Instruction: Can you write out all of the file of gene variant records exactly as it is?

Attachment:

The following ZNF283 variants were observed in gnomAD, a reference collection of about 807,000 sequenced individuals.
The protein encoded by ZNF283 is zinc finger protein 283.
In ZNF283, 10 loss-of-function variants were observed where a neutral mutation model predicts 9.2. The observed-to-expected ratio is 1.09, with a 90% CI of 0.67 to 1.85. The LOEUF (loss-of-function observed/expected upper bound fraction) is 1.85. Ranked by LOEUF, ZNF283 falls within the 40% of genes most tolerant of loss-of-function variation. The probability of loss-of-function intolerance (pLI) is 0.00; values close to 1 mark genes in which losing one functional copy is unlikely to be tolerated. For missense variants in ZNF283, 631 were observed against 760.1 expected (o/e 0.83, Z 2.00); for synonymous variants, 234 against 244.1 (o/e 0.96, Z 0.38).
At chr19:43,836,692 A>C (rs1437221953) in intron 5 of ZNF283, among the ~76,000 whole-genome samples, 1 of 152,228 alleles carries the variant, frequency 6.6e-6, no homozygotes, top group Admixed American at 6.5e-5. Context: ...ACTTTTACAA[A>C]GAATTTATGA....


The following ZNF283 variants were observed in gnomAD, a reference collection of about 807,000 sequenced individuals.
The protein encoded by ZNF283 is zinc finger protein 283.
In ZNF283, 10 loss-of-function variants were observed where a neutral mutation model predicts 9.2. The observed-to-expected ratio is 1.09, with a 90% CI of 0.67 to 1.85. The LOEUF (loss-of-function observed/expected upper bound fraction) is 1.85. Ranked by LOEUF, ZNF283 falls within the 40% of genes most tolerant of loss-of-function variation. The probability of loss-of-function intolerance (pLI) is 0.00; values close to 1 mark genes in which losing one functional copy is unlikely to be tolerated. For missense variants in ZNF283, 631 were observed against 760.1 expected (o/e 0.83, Z 2.00); for synonymous variants, 234 against 244.1 (o/e 0.96, Z 0.38).
At chr19:43,836,692 A>C (rs1437221953) in intron 5 of ZNF283, among the ~76,000 whole-genome samples, 1 of 152,228 alleles carries the variant, frequency 6.6e-6, no homozygotes, top group Admixed American at 6.5e-5. Context: ...ACTTTTACAA[A>C]GAATTTATGA....